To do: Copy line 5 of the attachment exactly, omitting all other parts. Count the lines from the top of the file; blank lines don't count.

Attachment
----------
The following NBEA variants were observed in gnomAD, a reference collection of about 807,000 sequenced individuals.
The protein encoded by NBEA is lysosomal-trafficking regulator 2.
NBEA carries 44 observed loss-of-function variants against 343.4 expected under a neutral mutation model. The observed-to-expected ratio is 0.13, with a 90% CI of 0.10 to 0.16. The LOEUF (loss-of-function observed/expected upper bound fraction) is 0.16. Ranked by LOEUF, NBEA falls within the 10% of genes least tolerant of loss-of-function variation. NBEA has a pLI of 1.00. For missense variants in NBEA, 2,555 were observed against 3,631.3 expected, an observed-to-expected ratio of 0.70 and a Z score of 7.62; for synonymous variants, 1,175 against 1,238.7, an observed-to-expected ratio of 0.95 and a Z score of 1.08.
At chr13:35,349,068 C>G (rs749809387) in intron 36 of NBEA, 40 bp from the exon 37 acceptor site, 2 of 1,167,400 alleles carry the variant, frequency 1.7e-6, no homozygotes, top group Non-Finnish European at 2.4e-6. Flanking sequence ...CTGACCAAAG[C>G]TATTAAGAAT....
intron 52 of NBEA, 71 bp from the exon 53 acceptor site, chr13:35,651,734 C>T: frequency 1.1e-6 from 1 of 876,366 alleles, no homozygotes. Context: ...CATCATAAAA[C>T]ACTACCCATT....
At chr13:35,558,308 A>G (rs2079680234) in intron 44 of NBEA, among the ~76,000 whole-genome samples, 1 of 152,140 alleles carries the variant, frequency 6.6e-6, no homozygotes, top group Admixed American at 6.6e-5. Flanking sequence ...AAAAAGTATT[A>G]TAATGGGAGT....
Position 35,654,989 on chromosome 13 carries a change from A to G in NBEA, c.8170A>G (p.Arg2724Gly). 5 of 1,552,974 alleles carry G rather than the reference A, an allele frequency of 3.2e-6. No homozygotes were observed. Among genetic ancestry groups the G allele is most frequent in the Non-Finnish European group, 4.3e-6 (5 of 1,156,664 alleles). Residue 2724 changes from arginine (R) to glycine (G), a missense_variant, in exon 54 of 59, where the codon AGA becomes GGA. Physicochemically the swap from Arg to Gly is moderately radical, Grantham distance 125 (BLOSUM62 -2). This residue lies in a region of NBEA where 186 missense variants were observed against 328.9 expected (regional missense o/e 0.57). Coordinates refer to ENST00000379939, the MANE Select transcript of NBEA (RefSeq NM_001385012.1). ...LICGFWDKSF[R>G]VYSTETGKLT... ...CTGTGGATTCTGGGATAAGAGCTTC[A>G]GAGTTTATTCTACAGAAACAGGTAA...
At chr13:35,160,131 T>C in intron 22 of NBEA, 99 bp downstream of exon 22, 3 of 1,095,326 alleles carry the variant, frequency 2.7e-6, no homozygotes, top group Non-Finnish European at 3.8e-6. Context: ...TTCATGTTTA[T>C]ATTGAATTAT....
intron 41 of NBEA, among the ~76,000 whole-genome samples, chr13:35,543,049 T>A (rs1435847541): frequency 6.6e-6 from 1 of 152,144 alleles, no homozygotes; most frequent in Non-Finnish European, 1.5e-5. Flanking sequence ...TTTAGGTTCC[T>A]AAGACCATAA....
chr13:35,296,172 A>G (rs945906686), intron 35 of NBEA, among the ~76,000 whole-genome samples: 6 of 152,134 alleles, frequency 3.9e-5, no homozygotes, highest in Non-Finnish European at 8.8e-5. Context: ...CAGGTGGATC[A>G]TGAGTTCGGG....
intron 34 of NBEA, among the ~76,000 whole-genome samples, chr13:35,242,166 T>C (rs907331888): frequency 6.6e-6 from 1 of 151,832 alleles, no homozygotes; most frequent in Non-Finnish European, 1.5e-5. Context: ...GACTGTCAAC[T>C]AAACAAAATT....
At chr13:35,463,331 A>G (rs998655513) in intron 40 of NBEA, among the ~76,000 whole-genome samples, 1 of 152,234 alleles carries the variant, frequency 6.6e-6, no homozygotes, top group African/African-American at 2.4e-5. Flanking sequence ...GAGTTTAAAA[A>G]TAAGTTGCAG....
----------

intron 52 of NBEA, 71 bp from the exon 53 acceptor site, chr13:35,651,734 C>T: frequency 1.1e-6 from 1 of 876,366 alleles, no homozygotes. Context: ...CATCATAAAA[C>T]ACTACCCATT....